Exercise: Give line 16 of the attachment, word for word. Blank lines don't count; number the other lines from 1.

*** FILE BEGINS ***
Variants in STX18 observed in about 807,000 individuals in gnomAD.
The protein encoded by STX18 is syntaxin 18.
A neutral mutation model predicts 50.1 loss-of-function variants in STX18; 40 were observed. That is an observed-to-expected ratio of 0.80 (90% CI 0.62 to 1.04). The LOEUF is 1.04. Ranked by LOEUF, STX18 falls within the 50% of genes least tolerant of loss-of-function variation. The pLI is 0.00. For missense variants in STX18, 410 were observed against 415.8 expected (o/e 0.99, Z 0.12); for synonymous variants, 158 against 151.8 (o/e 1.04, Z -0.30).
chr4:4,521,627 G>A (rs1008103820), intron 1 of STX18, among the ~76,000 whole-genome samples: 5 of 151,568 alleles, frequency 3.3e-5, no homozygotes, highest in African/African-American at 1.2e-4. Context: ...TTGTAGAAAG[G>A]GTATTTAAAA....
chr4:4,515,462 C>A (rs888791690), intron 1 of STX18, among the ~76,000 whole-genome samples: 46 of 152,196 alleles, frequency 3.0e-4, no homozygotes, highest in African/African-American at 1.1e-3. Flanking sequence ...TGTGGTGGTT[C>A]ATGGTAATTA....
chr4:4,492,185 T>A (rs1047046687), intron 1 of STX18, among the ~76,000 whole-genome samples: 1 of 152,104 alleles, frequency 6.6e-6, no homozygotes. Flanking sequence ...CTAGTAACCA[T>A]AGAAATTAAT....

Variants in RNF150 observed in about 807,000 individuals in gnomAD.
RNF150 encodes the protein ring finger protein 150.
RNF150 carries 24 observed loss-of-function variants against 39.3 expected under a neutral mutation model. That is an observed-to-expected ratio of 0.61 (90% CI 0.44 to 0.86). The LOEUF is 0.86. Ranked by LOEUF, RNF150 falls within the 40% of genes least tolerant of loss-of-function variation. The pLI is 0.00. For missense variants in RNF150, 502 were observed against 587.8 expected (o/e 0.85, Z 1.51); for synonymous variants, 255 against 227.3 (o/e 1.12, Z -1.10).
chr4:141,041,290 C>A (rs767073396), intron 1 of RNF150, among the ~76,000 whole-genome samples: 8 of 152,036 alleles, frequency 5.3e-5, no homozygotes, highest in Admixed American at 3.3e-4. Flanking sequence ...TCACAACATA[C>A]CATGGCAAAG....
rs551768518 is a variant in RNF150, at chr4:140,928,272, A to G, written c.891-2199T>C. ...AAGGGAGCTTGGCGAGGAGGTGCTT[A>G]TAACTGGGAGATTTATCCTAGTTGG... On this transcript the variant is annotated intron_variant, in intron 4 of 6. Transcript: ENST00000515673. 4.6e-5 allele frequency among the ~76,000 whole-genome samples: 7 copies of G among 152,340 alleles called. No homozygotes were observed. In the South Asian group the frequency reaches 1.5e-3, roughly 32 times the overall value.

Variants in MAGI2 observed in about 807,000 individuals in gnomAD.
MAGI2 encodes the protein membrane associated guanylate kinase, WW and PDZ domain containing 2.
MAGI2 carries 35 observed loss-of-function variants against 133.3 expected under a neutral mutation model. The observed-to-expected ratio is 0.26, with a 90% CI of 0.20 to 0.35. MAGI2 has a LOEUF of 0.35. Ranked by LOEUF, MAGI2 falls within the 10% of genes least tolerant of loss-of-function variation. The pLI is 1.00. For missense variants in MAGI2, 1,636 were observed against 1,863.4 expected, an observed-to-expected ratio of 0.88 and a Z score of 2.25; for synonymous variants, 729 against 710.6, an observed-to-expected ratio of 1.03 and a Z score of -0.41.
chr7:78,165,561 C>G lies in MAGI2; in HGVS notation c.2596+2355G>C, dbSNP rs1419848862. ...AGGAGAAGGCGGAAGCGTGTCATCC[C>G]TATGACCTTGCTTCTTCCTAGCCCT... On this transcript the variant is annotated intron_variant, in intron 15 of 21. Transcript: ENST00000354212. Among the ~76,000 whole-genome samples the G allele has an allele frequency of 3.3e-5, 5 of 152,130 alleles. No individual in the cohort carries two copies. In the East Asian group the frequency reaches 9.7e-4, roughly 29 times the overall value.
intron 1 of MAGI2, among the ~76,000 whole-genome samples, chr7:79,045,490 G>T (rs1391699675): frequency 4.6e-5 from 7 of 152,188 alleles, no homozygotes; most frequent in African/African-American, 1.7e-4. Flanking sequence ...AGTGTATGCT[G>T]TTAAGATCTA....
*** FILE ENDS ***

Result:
intron 1 of MAGI2, among the ~76,000 whole-genome samples, chr7:79,045,490 G>T (rs1391699675): frequency 4.6e-5 from 7 of 152,188 alleles, no homozygotes; most frequent in African/African-American, 1.7e-4. Flanking sequence ...AGTGTATGCT[G>T]TTAAGATCTA....